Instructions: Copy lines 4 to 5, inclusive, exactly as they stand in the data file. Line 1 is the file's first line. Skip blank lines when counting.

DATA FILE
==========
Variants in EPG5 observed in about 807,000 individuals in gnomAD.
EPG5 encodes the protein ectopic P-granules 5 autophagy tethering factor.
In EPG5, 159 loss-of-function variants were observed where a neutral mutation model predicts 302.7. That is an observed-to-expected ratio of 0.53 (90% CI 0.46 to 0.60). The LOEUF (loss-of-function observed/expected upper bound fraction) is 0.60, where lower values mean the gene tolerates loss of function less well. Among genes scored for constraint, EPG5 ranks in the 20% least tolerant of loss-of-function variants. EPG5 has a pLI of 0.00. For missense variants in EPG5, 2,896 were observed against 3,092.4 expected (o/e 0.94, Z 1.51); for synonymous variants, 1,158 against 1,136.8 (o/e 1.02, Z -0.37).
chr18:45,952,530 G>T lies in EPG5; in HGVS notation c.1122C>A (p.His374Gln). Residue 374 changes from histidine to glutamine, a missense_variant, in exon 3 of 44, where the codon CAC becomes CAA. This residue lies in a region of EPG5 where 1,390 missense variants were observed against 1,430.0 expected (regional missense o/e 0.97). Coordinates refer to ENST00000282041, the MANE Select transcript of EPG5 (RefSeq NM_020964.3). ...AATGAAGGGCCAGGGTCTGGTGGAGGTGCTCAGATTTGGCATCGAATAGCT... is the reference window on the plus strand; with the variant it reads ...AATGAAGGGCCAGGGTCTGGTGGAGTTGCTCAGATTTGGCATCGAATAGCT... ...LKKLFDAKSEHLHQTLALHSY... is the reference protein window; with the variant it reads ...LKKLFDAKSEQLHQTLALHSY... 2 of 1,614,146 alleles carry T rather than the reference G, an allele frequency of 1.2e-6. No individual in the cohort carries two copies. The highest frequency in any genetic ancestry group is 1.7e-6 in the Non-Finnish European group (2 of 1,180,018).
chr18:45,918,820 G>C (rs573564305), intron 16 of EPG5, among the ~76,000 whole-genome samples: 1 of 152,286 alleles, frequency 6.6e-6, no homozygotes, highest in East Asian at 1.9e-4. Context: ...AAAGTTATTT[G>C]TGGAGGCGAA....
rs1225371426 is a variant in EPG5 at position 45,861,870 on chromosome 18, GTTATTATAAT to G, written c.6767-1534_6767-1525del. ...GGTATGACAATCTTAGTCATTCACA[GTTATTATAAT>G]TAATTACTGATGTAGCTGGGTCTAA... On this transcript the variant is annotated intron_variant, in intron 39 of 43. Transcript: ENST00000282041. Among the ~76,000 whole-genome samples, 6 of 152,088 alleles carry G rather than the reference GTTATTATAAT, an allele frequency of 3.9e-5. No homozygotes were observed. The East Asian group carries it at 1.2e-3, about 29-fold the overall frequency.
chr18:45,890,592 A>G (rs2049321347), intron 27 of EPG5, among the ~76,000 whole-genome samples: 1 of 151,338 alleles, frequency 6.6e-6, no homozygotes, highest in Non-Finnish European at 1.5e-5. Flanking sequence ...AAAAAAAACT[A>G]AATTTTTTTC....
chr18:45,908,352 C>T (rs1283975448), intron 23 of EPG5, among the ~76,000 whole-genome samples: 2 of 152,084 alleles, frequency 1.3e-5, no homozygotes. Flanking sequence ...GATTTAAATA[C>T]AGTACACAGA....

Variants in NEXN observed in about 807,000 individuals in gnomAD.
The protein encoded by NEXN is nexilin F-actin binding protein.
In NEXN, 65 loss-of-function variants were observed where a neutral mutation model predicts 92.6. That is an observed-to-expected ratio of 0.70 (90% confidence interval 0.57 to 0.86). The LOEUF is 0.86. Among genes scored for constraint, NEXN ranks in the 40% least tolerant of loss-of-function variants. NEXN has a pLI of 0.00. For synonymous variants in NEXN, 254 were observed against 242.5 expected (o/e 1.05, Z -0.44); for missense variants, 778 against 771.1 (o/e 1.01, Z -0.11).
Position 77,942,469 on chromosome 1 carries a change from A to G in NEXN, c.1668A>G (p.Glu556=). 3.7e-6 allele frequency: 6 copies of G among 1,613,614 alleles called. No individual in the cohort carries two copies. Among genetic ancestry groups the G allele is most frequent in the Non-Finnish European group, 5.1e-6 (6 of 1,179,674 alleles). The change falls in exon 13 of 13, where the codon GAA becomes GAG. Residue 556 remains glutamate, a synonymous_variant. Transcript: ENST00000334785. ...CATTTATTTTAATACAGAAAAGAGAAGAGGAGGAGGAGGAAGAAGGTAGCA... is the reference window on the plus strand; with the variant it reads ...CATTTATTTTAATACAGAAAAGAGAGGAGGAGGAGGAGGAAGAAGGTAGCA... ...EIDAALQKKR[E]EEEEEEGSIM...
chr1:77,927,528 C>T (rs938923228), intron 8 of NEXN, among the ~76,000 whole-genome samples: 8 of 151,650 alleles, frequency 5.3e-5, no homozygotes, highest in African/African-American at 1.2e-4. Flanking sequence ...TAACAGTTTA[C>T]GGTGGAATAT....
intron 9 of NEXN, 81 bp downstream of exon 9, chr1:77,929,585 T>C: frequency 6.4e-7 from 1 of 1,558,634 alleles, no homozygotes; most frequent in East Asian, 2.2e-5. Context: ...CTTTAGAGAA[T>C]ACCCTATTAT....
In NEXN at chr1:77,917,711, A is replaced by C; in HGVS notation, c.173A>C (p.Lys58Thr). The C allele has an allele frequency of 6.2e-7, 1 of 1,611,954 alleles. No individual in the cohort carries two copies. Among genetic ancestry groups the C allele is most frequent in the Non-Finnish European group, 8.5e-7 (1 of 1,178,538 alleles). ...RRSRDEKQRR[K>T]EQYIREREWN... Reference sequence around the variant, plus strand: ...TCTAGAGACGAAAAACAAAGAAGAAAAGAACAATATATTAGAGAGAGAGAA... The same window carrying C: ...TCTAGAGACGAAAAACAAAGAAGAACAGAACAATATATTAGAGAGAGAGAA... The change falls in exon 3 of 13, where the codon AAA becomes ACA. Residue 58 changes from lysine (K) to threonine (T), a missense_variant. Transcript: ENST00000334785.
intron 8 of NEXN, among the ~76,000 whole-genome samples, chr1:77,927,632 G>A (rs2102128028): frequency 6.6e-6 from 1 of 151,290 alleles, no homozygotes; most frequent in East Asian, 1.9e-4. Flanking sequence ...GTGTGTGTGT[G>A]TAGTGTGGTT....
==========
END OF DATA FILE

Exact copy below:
chr18:45,952,530 G>T lies in EPG5; in HGVS notation c.1122C>A (p.His374Gln). Residue 374 changes from histidine to glutamine, a missense_variant, in exon 3 of 44, where the codon CAC becomes CAA. This residue lies in a region of EPG5 where 1,390 missense variants were observed against 1,430.0 expected (regional missense o/e 0.97). Coordinates refer to ENST00000282041, the MANE Select transcript of EPG5 (RefSeq NM_020964.3). ...AATGAAGGGCCAGGGTCTGGTGGAGGTGCTCAGATTTGGCATCGAATAGCT... is the reference window on the plus strand; with the variant it reads ...AATGAAGGGCCAGGGTCTGGTGGAGTTGCTCAGATTTGGCATCGAATAGCT... ...LKKLFDAKSEHLHQTLALHSY... is the reference protein window; with the variant it reads ...LKKLFDAKSEQLHQTLALHSY... 2 of 1,614,146 alleles carry T rather than the reference G, an allele frequency of 1.2e-6. No individual in the cohort carries two copies. The highest frequency in any genetic ancestry group is 1.7e-6 in the Non-Finnish European group (2 of 1,180,018).
chr18:45,918,820 G>C (rs573564305), intron 16 of EPG5, among the ~76,000 whole-genome samples: 1 of 152,286 alleles, frequency 6.6e-6, no homozygotes, highest in East Asian at 1.9e-4. Context: ...AAAGTTATTT[G>C]TGGAGGCGAA....